The Museum of Possibilities by Barbara SibbaldThe Museum of Possibilities by Barbara Sibbald

The Museum of Possibilities

byBarbara Sibbald

Paperback | March 15, 2017

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Barbara Sibbald's The Museum of Possibilities presents sixteen shadow-box narratives-short, concentrated scenes depicting complicated relationships, strong emotions and hard consequences.

Barbara Sibbald is an author, editor and journalist. Her previously published works include The Book of Love and Regarding Wanda. A health journalist for over twenty years, she currently works as News and Humanities editor at the Canadian Medical Association Journal. She lives in Ottawa, Ontario.
Title:The Museum of PossibilitiesFormat:PaperbackDimensions:184 pages, 8.45 × 5.5 × 0.5 inPublished:March 15, 2017Publisher:Porcupine's QuillLanguage:English

The following ISBNs are associated with this title:

ISBN - 10:0889844003

ISBN - 13:9780889844001

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Read from the Book

`Tell me,' he says. `But, please, may I sit down? My ankle-I broke it a few years ago....'`Of course, I should have offered.' She gracefully removes a stack of boxes from one of the chairs, perches them on top of another pile-precariously, it seems to him, yet they stay put. He sits. His legs are cramped, held in at an odd angle against the press of boxes and books, but his ankle is definitely more at ease. `Thank you,' he says. `Now, tell me: What's all this about?'`You're the first who's asked,' she says. `I don't like to show unless there's interest. I believe that curiosity is life's force.'She turns and begins shifting boxes from another pile, finally unearthing the one she wants. Its glossy packaging promises a tool for effortlessly dicing rock-hard root vegetables and pungent onions. She places the box on top of a stack of large books beside him so it's level with his head. Rather than opening the box from the top, she pulls at the sides: it falls open. His mouth falls open. He feels as though he's entered another world.He's in a tree amidst branches, mottled leaves and roughly textured bark. And there, partly hidden, a nest, containing three robin's eggs, the pure blue reflecting a perfect summer sky. A small human finger, a child's, gently touches the edge of the nest. Beyond the nest, other trees tower; it's a forest, yet more. An orchestrated forest. What an ideal forest might look like. A pair of squirrels is poised on a nearby branch; their chatter is almost audible. And he glimpses a deer lying in the grass below, asleep or at rest. Perhaps dead. It's like a set in a play, he thinks. Only real. Yet not.`It's beautiful,' he says after a moment, aware of the woeful inadequacy of his words. He cannot say more, fears he may begin to cry, though he's not sure why.[Continued in The Museum of Possibilities....]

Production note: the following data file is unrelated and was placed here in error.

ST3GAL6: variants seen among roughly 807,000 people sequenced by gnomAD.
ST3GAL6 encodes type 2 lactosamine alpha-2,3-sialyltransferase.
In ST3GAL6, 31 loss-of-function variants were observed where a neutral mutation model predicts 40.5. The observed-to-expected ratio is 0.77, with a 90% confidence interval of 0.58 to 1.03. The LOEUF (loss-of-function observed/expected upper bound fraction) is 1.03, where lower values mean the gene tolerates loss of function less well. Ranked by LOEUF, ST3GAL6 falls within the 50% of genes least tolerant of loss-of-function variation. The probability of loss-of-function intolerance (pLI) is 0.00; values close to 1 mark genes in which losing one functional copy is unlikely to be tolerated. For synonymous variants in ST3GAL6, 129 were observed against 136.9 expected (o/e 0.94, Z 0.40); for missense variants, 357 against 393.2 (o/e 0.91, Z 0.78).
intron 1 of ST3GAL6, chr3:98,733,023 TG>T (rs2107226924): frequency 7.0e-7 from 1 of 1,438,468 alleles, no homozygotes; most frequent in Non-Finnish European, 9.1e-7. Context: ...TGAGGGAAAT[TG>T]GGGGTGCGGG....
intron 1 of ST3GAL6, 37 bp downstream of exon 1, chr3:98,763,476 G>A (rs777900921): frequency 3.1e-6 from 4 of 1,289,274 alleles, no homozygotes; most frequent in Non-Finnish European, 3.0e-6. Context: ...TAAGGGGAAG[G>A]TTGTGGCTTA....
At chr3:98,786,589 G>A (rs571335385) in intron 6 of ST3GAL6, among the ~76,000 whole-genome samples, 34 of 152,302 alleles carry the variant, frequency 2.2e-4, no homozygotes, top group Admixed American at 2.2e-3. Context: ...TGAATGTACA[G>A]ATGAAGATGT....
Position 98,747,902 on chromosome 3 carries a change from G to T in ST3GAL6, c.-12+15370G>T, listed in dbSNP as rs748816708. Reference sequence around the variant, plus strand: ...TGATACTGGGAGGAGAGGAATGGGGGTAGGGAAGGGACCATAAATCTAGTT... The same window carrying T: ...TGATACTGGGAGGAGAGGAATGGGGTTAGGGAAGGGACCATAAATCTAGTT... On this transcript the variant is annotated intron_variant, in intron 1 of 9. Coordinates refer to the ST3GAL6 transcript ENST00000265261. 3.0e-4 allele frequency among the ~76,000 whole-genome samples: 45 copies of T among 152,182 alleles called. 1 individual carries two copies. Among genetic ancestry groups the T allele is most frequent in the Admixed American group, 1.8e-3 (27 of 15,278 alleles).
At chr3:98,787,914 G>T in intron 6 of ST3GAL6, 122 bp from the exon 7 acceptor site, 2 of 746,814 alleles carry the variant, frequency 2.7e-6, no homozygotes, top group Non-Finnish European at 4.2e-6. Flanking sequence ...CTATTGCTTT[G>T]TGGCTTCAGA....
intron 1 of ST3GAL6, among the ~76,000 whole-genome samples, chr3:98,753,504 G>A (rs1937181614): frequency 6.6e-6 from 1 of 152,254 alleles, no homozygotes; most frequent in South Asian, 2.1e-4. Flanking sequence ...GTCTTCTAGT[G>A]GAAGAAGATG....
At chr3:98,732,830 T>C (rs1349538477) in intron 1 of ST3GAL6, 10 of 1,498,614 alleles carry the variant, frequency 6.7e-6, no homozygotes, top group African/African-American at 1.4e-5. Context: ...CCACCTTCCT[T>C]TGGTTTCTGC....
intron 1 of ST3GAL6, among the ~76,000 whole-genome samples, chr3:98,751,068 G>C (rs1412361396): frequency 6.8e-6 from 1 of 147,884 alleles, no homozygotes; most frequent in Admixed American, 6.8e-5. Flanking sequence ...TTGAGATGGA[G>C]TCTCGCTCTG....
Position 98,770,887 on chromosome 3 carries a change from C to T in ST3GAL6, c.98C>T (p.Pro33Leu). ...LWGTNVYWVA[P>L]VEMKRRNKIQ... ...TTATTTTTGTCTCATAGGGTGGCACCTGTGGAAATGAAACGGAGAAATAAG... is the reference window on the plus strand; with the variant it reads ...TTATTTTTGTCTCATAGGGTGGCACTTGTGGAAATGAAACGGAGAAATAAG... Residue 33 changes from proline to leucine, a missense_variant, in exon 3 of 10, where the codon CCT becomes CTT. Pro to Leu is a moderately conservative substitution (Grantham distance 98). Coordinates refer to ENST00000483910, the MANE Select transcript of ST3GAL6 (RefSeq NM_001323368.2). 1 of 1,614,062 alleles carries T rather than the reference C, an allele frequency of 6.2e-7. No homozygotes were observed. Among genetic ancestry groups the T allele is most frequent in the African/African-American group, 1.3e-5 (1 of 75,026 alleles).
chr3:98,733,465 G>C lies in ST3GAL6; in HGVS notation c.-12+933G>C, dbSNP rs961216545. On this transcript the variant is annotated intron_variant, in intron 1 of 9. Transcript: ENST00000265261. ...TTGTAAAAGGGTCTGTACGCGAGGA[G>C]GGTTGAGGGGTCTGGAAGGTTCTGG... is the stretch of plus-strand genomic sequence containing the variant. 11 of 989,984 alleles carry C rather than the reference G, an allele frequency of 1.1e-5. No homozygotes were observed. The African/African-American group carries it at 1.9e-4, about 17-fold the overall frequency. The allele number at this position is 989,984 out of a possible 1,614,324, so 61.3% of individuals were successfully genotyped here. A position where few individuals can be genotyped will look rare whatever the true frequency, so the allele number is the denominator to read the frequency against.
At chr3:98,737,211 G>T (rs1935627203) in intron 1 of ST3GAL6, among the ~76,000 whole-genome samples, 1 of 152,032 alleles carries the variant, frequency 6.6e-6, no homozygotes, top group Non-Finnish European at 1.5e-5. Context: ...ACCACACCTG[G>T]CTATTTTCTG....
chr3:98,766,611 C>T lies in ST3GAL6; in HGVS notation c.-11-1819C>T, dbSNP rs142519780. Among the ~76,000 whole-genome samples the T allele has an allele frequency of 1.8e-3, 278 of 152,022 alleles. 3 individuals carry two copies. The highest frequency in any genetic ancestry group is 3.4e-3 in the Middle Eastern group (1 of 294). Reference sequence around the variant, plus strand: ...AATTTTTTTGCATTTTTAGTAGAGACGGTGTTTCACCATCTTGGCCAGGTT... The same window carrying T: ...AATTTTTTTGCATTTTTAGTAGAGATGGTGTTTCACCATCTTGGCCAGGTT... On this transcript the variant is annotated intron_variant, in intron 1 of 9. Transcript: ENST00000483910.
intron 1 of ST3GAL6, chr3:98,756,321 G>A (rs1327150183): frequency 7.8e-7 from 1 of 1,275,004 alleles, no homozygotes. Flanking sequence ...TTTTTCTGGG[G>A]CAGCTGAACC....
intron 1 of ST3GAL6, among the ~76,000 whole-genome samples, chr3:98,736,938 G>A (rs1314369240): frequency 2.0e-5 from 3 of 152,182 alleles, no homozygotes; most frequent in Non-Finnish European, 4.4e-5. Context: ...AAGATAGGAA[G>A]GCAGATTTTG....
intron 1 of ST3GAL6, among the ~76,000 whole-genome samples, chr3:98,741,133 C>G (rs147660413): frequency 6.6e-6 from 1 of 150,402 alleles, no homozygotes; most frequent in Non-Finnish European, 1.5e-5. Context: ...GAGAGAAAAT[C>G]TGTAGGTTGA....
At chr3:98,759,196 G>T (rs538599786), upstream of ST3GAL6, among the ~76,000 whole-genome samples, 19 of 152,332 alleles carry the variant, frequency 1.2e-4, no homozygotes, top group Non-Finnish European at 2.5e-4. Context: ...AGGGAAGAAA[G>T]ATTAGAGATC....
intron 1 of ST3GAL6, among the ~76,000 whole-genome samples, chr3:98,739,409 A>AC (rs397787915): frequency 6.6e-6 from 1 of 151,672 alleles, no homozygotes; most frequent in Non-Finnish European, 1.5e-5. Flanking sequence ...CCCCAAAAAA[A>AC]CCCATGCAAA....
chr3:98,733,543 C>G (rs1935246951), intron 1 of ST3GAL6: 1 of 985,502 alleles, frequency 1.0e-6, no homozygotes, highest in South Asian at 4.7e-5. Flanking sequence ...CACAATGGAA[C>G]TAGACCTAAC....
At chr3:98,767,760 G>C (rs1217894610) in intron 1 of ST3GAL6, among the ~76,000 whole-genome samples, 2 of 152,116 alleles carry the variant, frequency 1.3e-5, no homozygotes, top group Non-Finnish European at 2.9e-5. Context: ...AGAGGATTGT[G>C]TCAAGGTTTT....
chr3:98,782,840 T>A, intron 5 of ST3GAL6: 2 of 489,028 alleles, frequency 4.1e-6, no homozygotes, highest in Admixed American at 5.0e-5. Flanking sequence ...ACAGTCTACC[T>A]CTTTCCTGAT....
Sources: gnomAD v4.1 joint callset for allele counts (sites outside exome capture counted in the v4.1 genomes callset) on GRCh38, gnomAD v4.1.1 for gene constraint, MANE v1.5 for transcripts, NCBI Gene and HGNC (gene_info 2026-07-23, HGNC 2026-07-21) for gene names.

Editorial Reviews

Barbara Sibbald's The Museum of Possibilities presents sixteen shadow-box narratives-short, concentrated scenes depicting complicated relationships, strong emotions and hard consequences.`This collection of short fiction is full of surprises, delights and flashes of revelation that make for an engaging and rewarding read. Some stories-like the title piece-dance on the fine edge of the fantastical. Others use more traditional narrative to take us into the dilemmas of a compelling cast of characters. My favourite part of the book is the Wanda section-linked stories about a young girl, daughter of a serviceman, who grows up on a series of military bases and struggles with the dislocations and repressions that seem part of the territory of being an ``army brat''. Her parents throw picture-perfect cocktail parties for the other couples on the base, but beneath the veneer lurk ugly realities. The child's eye view-Wanda's baffled suffering from adult falsehoods-is rendered with both tenderness and sharp honesty. The later stories in this series show a grown Wanda who's become a small-town journalist grappling with the dark secrets of her community as well as with her crumbling marriage. Sibbald's honed prose delivers much thought-provoking punch as well as humour. All in all a fine collection.' - Gabriella Goliger, author of Girl Unwrapped